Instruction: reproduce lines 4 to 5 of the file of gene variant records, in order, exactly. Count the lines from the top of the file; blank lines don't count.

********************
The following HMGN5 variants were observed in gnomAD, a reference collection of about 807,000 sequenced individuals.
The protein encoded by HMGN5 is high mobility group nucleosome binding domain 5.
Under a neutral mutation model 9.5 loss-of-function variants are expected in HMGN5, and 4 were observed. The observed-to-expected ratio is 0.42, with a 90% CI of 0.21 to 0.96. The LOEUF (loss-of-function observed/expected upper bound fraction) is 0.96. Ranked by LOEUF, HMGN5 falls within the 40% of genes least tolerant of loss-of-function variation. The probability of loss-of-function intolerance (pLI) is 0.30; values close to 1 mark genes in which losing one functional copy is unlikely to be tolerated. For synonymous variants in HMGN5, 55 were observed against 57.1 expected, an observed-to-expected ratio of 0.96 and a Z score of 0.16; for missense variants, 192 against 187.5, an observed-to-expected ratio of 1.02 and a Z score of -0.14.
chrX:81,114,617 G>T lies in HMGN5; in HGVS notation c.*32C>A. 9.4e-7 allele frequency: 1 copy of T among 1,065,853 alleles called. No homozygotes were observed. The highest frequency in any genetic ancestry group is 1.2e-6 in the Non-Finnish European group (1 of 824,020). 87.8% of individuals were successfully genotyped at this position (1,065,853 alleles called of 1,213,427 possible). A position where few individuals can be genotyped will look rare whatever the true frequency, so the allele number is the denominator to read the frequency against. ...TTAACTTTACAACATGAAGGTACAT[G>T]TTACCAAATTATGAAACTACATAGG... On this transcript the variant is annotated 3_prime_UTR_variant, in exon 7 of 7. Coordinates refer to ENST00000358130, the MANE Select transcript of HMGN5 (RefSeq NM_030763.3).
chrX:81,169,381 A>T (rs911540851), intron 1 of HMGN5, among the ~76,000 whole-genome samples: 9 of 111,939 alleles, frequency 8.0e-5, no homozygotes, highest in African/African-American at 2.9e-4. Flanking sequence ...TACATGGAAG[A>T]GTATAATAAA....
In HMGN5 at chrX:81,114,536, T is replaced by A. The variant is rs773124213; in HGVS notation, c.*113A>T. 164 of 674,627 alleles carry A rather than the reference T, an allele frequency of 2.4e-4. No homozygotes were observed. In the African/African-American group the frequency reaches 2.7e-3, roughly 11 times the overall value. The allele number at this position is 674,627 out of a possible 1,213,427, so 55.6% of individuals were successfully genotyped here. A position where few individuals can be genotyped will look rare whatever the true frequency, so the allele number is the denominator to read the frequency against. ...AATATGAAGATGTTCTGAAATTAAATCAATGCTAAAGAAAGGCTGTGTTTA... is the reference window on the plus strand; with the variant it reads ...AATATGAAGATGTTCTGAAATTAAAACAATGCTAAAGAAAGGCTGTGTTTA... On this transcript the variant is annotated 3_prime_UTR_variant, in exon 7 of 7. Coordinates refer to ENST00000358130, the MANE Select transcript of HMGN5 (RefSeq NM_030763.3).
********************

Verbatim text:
chrX:81,114,617 G>T lies in HMGN5; in HGVS notation c.*32C>A. 9.4e-7 allele frequency: 1 copy of T among 1,065,853 alleles called. No homozygotes were observed. The highest frequency in any genetic ancestry group is 1.2e-6 in the Non-Finnish European group (1 of 824,020). 87.8% of individuals were successfully genotyped at this position (1,065,853 alleles called of 1,213,427 possible). A position where few individuals can be genotyped will look rare whatever the true frequency, so the allele number is the denominator to read the frequency against. ...TTAACTTTACAACATGAAGGTACAT[G>T]TTACCAAATTATGAAACTACATAGG... On this transcript the variant is annotated 3_prime_UTR_variant, in exon 7 of 7. Coordinates refer to ENST00000358130, the MANE Select transcript of HMGN5 (RefSeq NM_030763.3).
chrX:81,169,381 A>T (rs911540851), intron 1 of HMGN5, among the ~76,000 whole-genome samples: 9 of 111,939 alleles, frequency 8.0e-5, no homozygotes, highest in African/African-American at 2.9e-4. Flanking sequence ...TACATGGAAG[A>T]GTATAATAAA....